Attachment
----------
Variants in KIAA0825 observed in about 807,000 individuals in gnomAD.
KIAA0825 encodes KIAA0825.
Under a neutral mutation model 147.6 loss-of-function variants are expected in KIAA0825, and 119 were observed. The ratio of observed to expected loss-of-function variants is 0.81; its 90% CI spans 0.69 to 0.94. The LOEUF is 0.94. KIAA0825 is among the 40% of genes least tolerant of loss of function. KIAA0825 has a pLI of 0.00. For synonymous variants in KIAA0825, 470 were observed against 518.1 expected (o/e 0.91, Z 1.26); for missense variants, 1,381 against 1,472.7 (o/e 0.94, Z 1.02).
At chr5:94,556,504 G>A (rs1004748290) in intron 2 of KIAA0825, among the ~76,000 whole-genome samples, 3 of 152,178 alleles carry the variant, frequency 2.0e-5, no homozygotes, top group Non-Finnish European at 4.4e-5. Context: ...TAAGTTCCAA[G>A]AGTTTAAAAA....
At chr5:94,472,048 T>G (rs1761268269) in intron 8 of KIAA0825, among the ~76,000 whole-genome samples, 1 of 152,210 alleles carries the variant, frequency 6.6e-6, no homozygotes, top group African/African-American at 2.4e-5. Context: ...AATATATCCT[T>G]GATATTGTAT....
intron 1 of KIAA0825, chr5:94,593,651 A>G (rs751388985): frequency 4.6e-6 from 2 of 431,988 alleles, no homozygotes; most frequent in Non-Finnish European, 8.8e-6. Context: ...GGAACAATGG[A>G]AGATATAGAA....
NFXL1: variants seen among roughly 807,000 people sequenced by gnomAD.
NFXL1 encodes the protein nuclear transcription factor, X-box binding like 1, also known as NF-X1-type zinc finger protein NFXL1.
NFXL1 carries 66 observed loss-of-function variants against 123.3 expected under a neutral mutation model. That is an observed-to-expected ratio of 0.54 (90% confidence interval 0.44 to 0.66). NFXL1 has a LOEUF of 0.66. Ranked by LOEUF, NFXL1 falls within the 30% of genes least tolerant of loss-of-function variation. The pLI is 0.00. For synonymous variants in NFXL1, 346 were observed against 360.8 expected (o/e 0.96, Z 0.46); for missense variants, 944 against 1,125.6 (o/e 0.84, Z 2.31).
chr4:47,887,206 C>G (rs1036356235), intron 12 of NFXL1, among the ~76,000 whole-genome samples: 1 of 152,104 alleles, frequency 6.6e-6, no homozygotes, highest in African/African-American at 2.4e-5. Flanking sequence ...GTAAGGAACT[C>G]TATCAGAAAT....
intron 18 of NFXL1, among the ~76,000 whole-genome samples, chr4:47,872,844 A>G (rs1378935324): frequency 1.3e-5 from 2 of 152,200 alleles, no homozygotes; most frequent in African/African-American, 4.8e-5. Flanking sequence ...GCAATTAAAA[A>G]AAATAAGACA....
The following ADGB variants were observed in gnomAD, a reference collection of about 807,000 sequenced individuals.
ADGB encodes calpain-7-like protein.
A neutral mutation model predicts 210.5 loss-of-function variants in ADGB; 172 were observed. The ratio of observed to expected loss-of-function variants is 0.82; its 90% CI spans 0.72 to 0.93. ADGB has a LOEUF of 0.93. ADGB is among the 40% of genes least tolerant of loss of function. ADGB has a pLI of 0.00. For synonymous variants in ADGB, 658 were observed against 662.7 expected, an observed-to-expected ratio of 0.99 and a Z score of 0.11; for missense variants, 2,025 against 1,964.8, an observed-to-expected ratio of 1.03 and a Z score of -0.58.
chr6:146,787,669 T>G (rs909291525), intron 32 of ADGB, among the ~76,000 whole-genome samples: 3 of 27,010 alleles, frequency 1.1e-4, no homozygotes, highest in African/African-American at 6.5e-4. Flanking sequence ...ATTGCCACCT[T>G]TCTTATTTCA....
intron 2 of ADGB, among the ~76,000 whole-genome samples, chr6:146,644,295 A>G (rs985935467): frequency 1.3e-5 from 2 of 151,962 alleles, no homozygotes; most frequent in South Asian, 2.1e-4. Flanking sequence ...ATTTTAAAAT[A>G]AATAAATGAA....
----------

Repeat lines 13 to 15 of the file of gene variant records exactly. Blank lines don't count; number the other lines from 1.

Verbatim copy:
ADGB encodes calpain-7-like protein.
A neutral mutation model predicts 210.5 loss-of-function variants in ADGB; 172 were observed. The ratio of observed to expected loss-of-function variants is 0.82; its 90% CI spans 0.72 to 0.93. ADGB has a LOEUF of 0.93. ADGB is among the 40% of genes least tolerant of loss of function. ADGB has a pLI of 0.00. For synonymous variants in ADGB, 658 were observed against 662.7 expected, an observed-to-expected ratio of 0.99 and a Z score of 0.11; for missense variants, 2,025 against 1,964.8, an observed-to-expected ratio of 1.03 and a Z score of -0.58.
chr6:146,787,669 T>G (rs909291525), intron 32 of ADGB, among the ~76,000 whole-genome samples: 3 of 27,010 alleles, frequency 1.1e-4, no homozygotes, highest in African/African-American at 6.5e-4. Flanking sequence ...ATTGCCACCT[T>G]TCTTATTTCA....